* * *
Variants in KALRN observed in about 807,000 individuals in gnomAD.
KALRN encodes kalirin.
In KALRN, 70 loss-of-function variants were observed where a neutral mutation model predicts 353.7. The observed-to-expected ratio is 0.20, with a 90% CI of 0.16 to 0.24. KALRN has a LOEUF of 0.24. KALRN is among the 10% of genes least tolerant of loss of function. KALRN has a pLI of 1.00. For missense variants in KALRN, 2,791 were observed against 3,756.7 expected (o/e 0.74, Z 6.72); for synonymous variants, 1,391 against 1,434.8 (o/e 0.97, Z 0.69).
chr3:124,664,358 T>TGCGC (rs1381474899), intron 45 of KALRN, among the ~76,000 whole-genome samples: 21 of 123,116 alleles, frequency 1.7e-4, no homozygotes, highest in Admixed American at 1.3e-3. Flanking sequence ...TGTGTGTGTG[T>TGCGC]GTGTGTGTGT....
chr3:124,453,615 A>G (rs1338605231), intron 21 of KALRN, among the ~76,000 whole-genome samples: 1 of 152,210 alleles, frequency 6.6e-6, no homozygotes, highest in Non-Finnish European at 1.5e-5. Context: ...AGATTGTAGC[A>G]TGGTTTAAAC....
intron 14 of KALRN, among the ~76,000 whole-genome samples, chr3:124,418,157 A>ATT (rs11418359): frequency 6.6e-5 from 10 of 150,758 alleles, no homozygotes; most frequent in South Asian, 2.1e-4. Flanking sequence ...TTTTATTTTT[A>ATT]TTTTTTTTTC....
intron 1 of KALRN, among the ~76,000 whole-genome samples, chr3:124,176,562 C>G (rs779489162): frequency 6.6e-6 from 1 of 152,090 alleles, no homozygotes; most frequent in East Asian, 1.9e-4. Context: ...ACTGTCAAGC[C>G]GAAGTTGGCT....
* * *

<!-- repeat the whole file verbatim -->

Variants in KALRN observed in about 807,000 individuals in gnomAD.
KALRN encodes kalirin.
In KALRN, 70 loss-of-function variants were observed where a neutral mutation model predicts 353.7. The observed-to-expected ratio is 0.20, with a 90% CI of 0.16 to 0.24. KALRN has a LOEUF of 0.24. KALRN is among the 10% of genes least tolerant of loss of function. KALRN has a pLI of 1.00. For missense variants in KALRN, 2,791 were observed against 3,756.7 expected (o/e 0.74, Z 6.72); for synonymous variants, 1,391 against 1,434.8 (o/e 0.97, Z 0.69).
chr3:124,664,358 T>TGCGC (rs1381474899), intron 45 of KALRN, among the ~76,000 whole-genome samples: 21 of 123,116 alleles, frequency 1.7e-4, no homozygotes, highest in Admixed American at 1.3e-3. Flanking sequence ...TGTGTGTGTG[T>TGCGC]GTGTGTGTGT....
chr3:124,453,615 A>G (rs1338605231), intron 21 of KALRN, among the ~76,000 whole-genome samples: 1 of 152,210 alleles, frequency 6.6e-6, no homozygotes, highest in Non-Finnish European at 1.5e-5. Context: ...AGATTGTAGC[A>G]TGGTTTAAAC....
intron 14 of KALRN, among the ~76,000 whole-genome samples, chr3:124,418,157 A>ATT (rs11418359): frequency 6.6e-5 from 10 of 150,758 alleles, no homozygotes; most frequent in South Asian, 2.1e-4. Flanking sequence ...TTTTATTTTT[A>ATT]TTTTTTTTTC....
intron 1 of KALRN, among the ~76,000 whole-genome samples, chr3:124,176,562 C>G (rs779489162): frequency 6.6e-6 from 1 of 152,090 alleles, no homozygotes; most frequent in East Asian, 1.9e-4. Context: ...ACTGTCAAGC[C>G]GAAGTTGGCT....